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The 2600 Case


The 2600 Case

In November 1992, a group of young people affiliated with the computer magazine "2600" were confronted by mall security personnel, local police officers and several unidentified individuals in the Pentagon City mall in Virginia. The group members were ordered to identify themselves and to submit to searches of their personal property. Their names were recorded and some of their property was confiscated.

Computer Professionals for Social Responsibility (CPSR) filed suit in federal court in early 1993 seeking the release of relevant Secret Service records under the Freedom of Information Act. The litigation of the case is being handled by the Electronic Privacy Information Center (EPIC).

In July 1994, U.S. District Judge Louis Oberdorfer ordered the Secret Service to release the vast majority of documents it maintains on the incident. The government appealed that decision to the U.S. Court of Appeals for the District of Columbia Circuit. In a brief filed on June 2, 1995, EPIC and CPSR argued that the withheld documents demonstrate Secret Service misconduct and that the FOIA exemptions cited by the agency do not apply.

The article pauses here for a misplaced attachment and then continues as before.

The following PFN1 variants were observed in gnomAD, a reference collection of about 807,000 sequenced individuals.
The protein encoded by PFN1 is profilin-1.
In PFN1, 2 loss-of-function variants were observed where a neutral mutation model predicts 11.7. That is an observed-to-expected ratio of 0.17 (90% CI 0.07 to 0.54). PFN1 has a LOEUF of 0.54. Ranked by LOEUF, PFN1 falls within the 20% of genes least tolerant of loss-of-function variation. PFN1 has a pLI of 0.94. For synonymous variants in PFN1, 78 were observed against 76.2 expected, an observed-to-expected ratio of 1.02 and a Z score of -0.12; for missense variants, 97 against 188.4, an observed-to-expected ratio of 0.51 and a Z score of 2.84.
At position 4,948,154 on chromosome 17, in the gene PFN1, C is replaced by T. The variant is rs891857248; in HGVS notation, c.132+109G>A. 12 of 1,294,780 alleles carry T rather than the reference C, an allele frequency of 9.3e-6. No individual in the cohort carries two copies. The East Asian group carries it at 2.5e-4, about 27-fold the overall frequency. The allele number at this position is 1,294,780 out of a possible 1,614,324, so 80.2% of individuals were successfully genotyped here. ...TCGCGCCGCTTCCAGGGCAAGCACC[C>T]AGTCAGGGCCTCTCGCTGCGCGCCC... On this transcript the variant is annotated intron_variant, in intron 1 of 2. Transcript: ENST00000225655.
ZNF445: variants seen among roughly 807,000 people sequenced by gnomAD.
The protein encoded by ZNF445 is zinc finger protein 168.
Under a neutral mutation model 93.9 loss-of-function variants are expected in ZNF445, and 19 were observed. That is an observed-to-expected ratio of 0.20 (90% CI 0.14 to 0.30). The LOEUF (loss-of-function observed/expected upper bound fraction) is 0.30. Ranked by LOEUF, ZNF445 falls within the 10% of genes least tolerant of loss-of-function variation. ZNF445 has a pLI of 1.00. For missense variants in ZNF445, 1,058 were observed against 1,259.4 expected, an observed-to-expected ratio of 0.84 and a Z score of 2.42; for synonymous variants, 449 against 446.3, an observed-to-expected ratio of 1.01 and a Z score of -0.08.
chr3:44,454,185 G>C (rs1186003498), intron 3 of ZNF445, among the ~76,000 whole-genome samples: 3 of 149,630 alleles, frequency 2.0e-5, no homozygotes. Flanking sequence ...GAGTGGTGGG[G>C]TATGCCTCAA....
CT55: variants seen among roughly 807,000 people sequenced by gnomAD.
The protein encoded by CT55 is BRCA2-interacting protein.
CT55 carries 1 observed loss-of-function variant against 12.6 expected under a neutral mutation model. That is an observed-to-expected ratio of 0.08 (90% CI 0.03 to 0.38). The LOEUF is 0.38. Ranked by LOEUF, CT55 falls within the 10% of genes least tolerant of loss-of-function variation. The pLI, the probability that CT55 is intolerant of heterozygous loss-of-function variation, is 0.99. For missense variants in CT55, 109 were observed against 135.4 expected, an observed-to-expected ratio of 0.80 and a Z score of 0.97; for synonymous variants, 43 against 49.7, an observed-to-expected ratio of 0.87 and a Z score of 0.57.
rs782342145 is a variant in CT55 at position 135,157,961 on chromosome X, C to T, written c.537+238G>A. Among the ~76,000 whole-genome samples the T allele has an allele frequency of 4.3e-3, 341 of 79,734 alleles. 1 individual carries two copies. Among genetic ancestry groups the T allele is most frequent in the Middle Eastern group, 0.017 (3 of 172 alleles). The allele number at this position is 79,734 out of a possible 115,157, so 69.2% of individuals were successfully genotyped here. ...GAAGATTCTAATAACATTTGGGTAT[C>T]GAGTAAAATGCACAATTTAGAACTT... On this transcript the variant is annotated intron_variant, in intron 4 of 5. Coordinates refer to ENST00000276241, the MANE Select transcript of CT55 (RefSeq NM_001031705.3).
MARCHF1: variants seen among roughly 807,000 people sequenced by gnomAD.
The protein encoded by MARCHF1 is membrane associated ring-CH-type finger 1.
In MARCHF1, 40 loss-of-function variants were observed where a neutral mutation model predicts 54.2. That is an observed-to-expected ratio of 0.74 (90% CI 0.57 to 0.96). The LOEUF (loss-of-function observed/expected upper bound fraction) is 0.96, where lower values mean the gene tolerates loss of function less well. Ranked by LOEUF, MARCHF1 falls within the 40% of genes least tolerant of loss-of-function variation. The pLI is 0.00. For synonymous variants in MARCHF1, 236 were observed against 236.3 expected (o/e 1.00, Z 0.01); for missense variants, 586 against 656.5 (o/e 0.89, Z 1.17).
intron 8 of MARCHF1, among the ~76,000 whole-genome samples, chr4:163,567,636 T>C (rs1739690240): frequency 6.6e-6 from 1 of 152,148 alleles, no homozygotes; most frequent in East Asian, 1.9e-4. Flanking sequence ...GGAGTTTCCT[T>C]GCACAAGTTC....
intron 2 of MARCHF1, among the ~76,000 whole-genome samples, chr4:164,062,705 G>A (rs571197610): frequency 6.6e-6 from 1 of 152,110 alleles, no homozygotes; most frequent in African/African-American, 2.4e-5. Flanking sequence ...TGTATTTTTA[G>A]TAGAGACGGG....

In an opinion issued on January 2, 1996, the federal appeals court partially rejected the Secret Service's attempt to withhold relevant information. The court ordered the agency to disclose some of the material it maintains concerning the incident. The Pentagon City incident has been described as an example of over-zealous law enforcement activities directed against so-called computer "hackers." The case raises significant issues of free speech and assembly, privacy and government accountability.


Documents Available

Computer Underground Digest reports on the break-up of the 2600 meeting at Pentagon City.

The initial Secret Service response to CPSR's FOIA request.

CPSR's March 1993 law suit against the Secret Service requesting all information on 2600 incident.

CPSR press release on the lawsuit.

Affidavit of William F. Burch, Special Agent in Charge of Secret Service Washington Field Office, concerning the agency's involvement in the incident.

CPSR's May 1993 legal memorandum opposing the Secret Service's motion to dismiss the case.

Judge Oberdorfer's July 1994 decision ordering the Secret Service to release the documents.

EPIC's June 1995 brief in U.S. Court of Appeals.

The appellate decision issued on January 2, 1996.


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